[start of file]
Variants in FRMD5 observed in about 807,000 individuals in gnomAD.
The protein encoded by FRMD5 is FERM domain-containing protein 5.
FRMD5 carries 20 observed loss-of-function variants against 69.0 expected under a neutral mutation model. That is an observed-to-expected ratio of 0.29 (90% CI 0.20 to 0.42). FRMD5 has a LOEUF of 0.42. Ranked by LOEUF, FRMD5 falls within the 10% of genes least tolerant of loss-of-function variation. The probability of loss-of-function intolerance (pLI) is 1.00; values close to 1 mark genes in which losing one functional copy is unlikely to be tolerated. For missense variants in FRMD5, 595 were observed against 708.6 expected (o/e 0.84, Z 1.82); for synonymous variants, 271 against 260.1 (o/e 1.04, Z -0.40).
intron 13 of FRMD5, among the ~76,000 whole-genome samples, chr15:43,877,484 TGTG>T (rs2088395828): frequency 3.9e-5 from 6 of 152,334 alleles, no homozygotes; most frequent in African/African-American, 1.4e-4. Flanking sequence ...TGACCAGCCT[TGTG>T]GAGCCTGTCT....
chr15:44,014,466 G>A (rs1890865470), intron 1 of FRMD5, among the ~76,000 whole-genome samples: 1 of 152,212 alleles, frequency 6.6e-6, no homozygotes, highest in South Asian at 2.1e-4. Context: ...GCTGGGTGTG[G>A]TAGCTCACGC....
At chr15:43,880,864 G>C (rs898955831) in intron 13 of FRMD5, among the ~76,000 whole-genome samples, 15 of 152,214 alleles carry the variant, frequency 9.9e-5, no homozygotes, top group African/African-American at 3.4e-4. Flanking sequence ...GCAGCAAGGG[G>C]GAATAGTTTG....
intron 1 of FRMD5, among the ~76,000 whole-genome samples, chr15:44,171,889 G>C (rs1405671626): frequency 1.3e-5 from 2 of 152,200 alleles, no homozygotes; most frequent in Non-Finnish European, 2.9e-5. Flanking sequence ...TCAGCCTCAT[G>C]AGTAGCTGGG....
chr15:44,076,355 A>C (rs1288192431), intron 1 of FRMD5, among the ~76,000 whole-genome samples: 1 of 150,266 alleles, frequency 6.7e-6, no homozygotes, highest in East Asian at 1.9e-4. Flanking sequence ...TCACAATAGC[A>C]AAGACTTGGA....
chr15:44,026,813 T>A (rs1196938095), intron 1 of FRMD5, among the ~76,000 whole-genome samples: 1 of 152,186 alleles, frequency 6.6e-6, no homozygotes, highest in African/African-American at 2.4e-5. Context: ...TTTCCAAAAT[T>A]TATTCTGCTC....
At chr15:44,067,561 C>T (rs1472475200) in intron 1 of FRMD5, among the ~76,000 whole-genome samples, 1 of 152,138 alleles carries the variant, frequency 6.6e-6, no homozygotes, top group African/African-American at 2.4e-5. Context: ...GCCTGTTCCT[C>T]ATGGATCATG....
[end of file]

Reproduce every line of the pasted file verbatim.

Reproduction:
Variants in FRMD5 observed in about 807,000 individuals in gnomAD.
The protein encoded by FRMD5 is FERM domain-containing protein 5.
FRMD5 carries 20 observed loss-of-function variants against 69.0 expected under a neutral mutation model. That is an observed-to-expected ratio of 0.29 (90% CI 0.20 to 0.42). FRMD5 has a LOEUF of 0.42. Ranked by LOEUF, FRMD5 falls within the 10% of genes least tolerant of loss-of-function variation. The probability of loss-of-function intolerance (pLI) is 1.00; values close to 1 mark genes in which losing one functional copy is unlikely to be tolerated. For missense variants in FRMD5, 595 were observed against 708.6 expected (o/e 0.84, Z 1.82); for synonymous variants, 271 against 260.1 (o/e 1.04, Z -0.40).
intron 13 of FRMD5, among the ~76,000 whole-genome samples, chr15:43,877,484 TGTG>T (rs2088395828): frequency 3.9e-5 from 6 of 152,334 alleles, no homozygotes; most frequent in African/African-American, 1.4e-4. Flanking sequence ...TGACCAGCCT[TGTG>T]GAGCCTGTCT....
chr15:44,014,466 G>A (rs1890865470), intron 1 of FRMD5, among the ~76,000 whole-genome samples: 1 of 152,212 alleles, frequency 6.6e-6, no homozygotes, highest in South Asian at 2.1e-4. Context: ...GCTGGGTGTG[G>A]TAGCTCACGC....
At chr15:43,880,864 G>C (rs898955831) in intron 13 of FRMD5, among the ~76,000 whole-genome samples, 15 of 152,214 alleles carry the variant, frequency 9.9e-5, no homozygotes, top group African/African-American at 3.4e-4. Flanking sequence ...GCAGCAAGGG[G>C]GAATAGTTTG....
intron 1 of FRMD5, among the ~76,000 whole-genome samples, chr15:44,171,889 G>C (rs1405671626): frequency 1.3e-5 from 2 of 152,200 alleles, no homozygotes; most frequent in Non-Finnish European, 2.9e-5. Flanking sequence ...TCAGCCTCAT[G>C]AGTAGCTGGG....
chr15:44,076,355 A>C (rs1288192431), intron 1 of FRMD5, among the ~76,000 whole-genome samples: 1 of 150,266 alleles, frequency 6.7e-6, no homozygotes, highest in East Asian at 1.9e-4. Flanking sequence ...TCACAATAGC[A>C]AAGACTTGGA....
chr15:44,026,813 T>A (rs1196938095), intron 1 of FRMD5, among the ~76,000 whole-genome samples: 1 of 152,186 alleles, frequency 6.6e-6, no homozygotes, highest in African/African-American at 2.4e-5. Context: ...TTTCCAAAAT[T>A]TATTCTGCTC....
At chr15:44,067,561 C>T (rs1472475200) in intron 1 of FRMD5, among the ~76,000 whole-genome samples, 1 of 152,138 alleles carries the variant, frequency 6.6e-6, no homozygotes, top group African/African-American at 2.4e-5. Context: ...GCCTGTTCCT[C>T]ATGGATCATG....